For sometime I have wanted an arcade machine for retro gaming, but they can be extremely expensive and take up a lot of space. This is no more true then a full sized cabinet. Furthermore they often come preloaded with only a handful of games that become tiresome pretty quickly. So I set out to solve these problems, saving space and achieving an affordable cabinet capable of playing hundreds of old, classic games.
Of course I am not the first, and I most certainly wont be the last to make my own arcade cabinet, but it must be said the high level of customisation is satisfying and rewarding in the end.
Overall building my own cabinet has taken just over a year, mostly due to finding and waiting on joinery companies to cut out my custom wooden panels as I possess neither the steady hand, patience or machinery to do it myself. If Dr. Leonard McCoy worked in IT I’m sure he’d say something along the lines of “Im a software engineer, not a machinist”.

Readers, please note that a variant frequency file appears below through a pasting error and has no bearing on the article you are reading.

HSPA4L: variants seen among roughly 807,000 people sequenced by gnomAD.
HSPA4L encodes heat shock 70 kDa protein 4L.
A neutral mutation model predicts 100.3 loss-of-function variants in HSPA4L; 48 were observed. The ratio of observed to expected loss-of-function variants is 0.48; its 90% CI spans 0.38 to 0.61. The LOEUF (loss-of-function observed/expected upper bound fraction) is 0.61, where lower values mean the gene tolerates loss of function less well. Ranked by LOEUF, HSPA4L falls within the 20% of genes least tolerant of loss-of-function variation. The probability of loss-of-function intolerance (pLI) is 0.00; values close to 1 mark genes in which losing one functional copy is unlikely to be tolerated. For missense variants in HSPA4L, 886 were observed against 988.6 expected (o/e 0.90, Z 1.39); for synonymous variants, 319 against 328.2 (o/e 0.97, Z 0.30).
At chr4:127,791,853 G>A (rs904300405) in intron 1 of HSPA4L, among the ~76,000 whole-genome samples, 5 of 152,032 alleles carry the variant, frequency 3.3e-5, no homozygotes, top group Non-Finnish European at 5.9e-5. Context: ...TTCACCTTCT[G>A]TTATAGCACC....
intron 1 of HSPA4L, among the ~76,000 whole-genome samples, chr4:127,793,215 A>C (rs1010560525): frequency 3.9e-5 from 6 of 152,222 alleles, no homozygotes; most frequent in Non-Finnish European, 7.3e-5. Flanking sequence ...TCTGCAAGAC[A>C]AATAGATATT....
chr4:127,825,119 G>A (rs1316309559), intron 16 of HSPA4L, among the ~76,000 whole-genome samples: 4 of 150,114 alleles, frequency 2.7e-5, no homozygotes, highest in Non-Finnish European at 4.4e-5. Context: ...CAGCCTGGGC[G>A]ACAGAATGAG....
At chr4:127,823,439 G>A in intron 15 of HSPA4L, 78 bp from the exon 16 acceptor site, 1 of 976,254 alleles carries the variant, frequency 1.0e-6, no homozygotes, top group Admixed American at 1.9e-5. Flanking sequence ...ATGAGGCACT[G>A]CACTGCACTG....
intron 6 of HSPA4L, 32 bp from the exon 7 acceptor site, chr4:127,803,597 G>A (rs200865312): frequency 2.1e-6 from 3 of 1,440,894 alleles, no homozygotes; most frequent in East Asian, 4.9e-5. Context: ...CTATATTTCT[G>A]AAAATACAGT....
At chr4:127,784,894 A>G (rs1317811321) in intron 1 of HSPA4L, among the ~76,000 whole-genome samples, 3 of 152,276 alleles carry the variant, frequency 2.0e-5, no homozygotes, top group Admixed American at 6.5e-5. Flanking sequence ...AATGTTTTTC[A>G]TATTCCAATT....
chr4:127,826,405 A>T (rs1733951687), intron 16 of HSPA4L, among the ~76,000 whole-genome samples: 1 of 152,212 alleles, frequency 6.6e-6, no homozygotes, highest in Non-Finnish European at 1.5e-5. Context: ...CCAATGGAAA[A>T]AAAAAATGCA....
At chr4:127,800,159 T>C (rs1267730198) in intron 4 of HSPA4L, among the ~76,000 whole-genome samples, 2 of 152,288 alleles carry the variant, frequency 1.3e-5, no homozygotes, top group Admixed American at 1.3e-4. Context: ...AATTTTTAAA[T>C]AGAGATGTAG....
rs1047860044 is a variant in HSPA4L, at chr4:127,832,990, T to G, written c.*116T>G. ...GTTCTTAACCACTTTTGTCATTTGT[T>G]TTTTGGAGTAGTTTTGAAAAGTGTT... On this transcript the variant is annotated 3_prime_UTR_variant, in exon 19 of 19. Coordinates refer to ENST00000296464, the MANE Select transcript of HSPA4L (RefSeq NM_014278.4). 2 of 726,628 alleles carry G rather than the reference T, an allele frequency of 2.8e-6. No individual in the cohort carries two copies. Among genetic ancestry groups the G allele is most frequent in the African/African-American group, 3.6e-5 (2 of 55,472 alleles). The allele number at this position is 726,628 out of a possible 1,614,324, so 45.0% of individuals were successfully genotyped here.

My arcade is a DIY retro bartop arcade cabinet built for two players whom can use either the built in joysticks and buttons or plug in SNES controllers for that added retro console feel. It is powered by a Raspberry Pi Model B capable of playing multiple types of retro games - primarily NES, SNES, Megadrive and arcade (MAME) games.
I believe in total the arcade has cost me around £250, but considering that is a fraction of the cost of some machines it is a real steal. The bill of materials I used to construct the arcade follows:
|Raspberry Pi Model B (or better)||1||Pimoroni|
|Heatsink for Raspberry Pi||1||Amazon|
|32 GB SD Card||1||Amazon|
|3 Pin Inlet||1||Amazon|
|SNES Controller Extension||1||Amazon|
|19” 5:4 TFT Monitor||1||eBay|
|Joysticks, Buttons and Controller||1||Arcade World UK|
|Speakers and Amplifier||1||Arcade World UK|
|T Moulding (1m)||5||Arcade World UK|
|19mm MDF Panels||B&Q|
Note: Heatsink is not necessary on newer Raspberry Pi models.